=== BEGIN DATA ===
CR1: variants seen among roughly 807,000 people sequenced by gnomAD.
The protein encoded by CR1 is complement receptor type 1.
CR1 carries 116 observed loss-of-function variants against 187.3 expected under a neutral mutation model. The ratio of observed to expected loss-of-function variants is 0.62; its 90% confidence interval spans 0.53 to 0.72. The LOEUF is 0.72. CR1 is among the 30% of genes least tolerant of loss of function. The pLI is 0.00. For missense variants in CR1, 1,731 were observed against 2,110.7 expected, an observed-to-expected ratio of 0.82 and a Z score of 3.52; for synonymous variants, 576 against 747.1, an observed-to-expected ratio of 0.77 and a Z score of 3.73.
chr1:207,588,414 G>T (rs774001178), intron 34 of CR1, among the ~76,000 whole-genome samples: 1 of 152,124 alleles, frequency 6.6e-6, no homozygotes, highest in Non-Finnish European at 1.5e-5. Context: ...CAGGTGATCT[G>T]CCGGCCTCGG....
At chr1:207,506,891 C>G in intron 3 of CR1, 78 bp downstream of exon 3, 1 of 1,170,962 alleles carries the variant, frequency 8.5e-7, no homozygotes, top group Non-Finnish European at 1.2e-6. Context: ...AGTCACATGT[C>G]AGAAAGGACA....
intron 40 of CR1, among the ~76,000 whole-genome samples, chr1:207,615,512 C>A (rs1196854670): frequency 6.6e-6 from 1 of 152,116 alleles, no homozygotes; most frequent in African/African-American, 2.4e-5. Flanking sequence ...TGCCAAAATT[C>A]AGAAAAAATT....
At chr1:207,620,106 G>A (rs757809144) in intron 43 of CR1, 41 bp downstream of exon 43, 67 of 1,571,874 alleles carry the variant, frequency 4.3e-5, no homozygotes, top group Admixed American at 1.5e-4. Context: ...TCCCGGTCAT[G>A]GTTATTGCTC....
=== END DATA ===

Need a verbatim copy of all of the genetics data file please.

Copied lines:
CR1: variants seen among roughly 807,000 people sequenced by gnomAD.
The protein encoded by CR1 is complement receptor type 1.
CR1 carries 116 observed loss-of-function variants against 187.3 expected under a neutral mutation model. The ratio of observed to expected loss-of-function variants is 0.62; its 90% confidence interval spans 0.53 to 0.72. The LOEUF is 0.72. CR1 is among the 30% of genes least tolerant of loss of function. The pLI is 0.00. For missense variants in CR1, 1,731 were observed against 2,110.7 expected, an observed-to-expected ratio of 0.82 and a Z score of 3.52; for synonymous variants, 576 against 747.1, an observed-to-expected ratio of 0.77 and a Z score of 3.73.
chr1:207,588,414 G>T (rs774001178), intron 34 of CR1, among the ~76,000 whole-genome samples: 1 of 152,124 alleles, frequency 6.6e-6, no homozygotes, highest in Non-Finnish European at 1.5e-5. Context: ...CAGGTGATCT[G>T]CCGGCCTCGG....
At chr1:207,506,891 C>G in intron 3 of CR1, 78 bp downstream of exon 3, 1 of 1,170,962 alleles carries the variant, frequency 8.5e-7, no homozygotes, top group Non-Finnish European at 1.2e-6. Context: ...AGTCACATGT[C>G]AGAAAGGACA....
intron 40 of CR1, among the ~76,000 whole-genome samples, chr1:207,615,512 C>A (rs1196854670): frequency 6.6e-6 from 1 of 152,116 alleles, no homozygotes; most frequent in African/African-American, 2.4e-5. Flanking sequence ...TGCCAAAATT[C>A]AGAAAAAATT....
At chr1:207,620,106 G>A (rs757809144) in intron 43 of CR1, 41 bp downstream of exon 43, 67 of 1,571,874 alleles carry the variant, frequency 4.3e-5, no homozygotes, top group Admixed American at 1.5e-4. Context: ...TCCCGGTCAT[G>A]GTTATTGCTC....